There are plenty of ways to leave your business when it’s time to retire (or you’ve just had enough), from simply closing your shop to selling your business model to another business. You can sell to one of your employees, or keep the business in your family for generations to come.
Matt Holker, and his son, Greg, began as Spring-Green Lawn Care Franchise Owners in 2006. Over the past 10 years, the business has grown, taking in neighboring territories, as well as bringing Matt’s other sons, Luke and Kevin, on board. Today the family business includes three territories in Minnesota, covering Hennepin, Wright, Benton, Morrison, Sherburne and Stearns counties.
“We knew we’d need to grow quite a bit to make enough for all of us,” Matt explained. When a neighboring territory became available for sale in 2009, the family decided to make the purchase.
Each potential exit strategy comes with its own pros and cons, of course, from timing and financial challenges to family dynamics.
Which is right for you? Only you can know — but once you decide, you can begin to plan and make decisions that will lead you to that particular exit.
Sound like a no-brainer? Maybe not.
So many business owners are dedicated to their businesses that they re-invest every cent of the operations profit back into the business. They work so hard to grow the business that they grow themselves right out of the nest egg that would help prepare them for a comfortable retirement.
Don’t rely on a big acquisition to send you off to the golf course in style — create that nest egg, even if it’s a modest one.
According to a BMO Wealth Management study, just 32 percent of small business owners between ages 45 and 64 have over $100,000 in retirement accounts — and only 11 percent have more than $500,000. Do you know how much you’ll need to retire? Will an acquisition cover it?
Bottom line: Do your homework and plan accordingly.
Clarify your priorities
It’s a common Catch-22 for business owners: they either spend so much time working in the business that they don’t have the resources to grow it…or they spend so much time working on the business that they lose touch with why they got into the business in the first place.
Mike Valestin, a Spring-Green franchise owner in Mequon, WI, operated his own landscaping operation for more than 10 years before diversifying with his Spring-Green lawn care business.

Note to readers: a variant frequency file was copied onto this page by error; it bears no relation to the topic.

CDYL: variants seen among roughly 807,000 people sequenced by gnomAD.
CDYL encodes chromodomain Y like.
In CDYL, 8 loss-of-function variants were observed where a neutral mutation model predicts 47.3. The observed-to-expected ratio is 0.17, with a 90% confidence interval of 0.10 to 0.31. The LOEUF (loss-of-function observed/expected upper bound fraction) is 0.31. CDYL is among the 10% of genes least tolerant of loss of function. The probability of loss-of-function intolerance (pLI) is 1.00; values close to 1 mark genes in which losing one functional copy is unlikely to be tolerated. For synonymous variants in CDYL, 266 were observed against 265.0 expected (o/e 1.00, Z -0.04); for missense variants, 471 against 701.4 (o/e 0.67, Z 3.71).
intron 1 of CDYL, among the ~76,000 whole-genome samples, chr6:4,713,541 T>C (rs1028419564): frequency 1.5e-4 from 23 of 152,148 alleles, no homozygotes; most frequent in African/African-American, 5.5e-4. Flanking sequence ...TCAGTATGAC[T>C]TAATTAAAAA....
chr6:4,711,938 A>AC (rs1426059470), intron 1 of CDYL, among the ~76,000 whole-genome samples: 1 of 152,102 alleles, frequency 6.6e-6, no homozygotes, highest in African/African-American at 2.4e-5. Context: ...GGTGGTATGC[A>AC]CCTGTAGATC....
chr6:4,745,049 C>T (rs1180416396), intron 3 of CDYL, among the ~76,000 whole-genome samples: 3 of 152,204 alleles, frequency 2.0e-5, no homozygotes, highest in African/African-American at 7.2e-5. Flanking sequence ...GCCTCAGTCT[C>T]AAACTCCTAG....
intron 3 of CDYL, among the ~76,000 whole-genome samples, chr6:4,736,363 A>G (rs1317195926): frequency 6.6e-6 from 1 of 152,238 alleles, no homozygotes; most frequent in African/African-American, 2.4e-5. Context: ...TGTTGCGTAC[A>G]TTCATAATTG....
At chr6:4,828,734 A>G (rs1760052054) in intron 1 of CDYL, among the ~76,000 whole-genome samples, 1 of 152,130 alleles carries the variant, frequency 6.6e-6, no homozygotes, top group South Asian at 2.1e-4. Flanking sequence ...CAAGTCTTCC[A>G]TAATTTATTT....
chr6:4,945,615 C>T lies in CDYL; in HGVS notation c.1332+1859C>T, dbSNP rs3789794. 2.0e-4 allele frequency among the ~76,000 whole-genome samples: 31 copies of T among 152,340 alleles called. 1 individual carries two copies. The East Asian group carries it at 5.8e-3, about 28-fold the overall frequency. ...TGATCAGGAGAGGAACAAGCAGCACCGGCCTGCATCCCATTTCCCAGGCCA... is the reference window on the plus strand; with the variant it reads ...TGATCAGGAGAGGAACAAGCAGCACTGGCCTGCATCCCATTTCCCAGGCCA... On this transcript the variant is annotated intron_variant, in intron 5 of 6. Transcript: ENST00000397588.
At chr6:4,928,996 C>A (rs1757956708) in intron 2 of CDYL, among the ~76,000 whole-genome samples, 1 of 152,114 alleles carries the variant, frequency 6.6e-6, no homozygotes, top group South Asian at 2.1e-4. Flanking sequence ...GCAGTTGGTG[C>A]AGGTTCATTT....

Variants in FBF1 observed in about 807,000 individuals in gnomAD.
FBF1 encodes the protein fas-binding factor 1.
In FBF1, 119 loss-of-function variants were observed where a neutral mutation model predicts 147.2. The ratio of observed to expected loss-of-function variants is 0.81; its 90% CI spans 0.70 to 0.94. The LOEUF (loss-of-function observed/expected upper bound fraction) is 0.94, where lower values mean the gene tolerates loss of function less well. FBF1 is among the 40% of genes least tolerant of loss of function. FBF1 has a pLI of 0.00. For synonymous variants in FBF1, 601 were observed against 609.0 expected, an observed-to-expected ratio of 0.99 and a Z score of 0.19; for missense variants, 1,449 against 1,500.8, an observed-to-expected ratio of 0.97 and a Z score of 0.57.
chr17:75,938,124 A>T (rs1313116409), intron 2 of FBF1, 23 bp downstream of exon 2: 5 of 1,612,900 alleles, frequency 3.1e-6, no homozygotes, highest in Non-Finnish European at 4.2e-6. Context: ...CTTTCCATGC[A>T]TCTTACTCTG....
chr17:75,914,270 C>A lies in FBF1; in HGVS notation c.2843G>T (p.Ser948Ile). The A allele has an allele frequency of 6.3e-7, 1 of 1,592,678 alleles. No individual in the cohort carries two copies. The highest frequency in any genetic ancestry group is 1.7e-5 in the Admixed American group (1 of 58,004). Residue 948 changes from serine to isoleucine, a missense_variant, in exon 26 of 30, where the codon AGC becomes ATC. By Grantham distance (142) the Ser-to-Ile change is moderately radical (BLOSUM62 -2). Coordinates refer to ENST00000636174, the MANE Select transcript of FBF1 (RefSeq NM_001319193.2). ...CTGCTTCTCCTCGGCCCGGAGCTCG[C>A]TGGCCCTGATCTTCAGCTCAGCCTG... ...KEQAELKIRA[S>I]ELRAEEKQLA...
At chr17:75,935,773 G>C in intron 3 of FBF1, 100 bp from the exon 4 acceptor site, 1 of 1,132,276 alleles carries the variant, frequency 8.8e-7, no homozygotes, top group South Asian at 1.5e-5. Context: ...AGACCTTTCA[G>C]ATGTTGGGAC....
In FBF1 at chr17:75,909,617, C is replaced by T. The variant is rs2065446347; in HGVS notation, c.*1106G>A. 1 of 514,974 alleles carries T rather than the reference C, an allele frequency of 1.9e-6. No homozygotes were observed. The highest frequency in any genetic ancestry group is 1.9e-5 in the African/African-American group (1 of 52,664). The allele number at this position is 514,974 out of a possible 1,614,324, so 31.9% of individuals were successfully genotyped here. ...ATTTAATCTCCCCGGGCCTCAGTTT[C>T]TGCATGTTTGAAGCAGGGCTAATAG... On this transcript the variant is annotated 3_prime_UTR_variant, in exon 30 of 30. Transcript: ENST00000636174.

Over time, he found himself spending less and less time in the field — doing what he truly loved — and more in the office. While building his business, he lost touch with why he got into business in the first place.
“I don’t like the office work, but I own two small businesses. So, I kind of have to be in the office,” he said. But with the marketing programs Spring-Green offers, he’s closer and closer every day to getting back into the field.
Think of your eventual exit strategy the same way — every decision you make, including whether to diversify your business, should draw you closer to your end game.
When you’re planning for the future, don’t just gaze absentmindedly down the road and picture yourself vaguely “retired.” Dream in full color!
Ask yourself the big questions: When you retire, where will you go? Who will you be enjoying spending all that free time with? How will you spend your days? What will you relish eating and drinking? (You could even go as far as visualizing the fishing lures on your fishing pole!)
Then, just as you make sales projections and set short-term goals for your business now, start creating long-term goals for yourself and your business. What’s your exit strategy, and how will you get there?
Discover more about how Spring-Green’s four decades of experience can make the difference for your green industry business — now and as you plan for your retirement. Call 1-800-777-8608 or visit us at www.growmygreenindustrybusiness.com.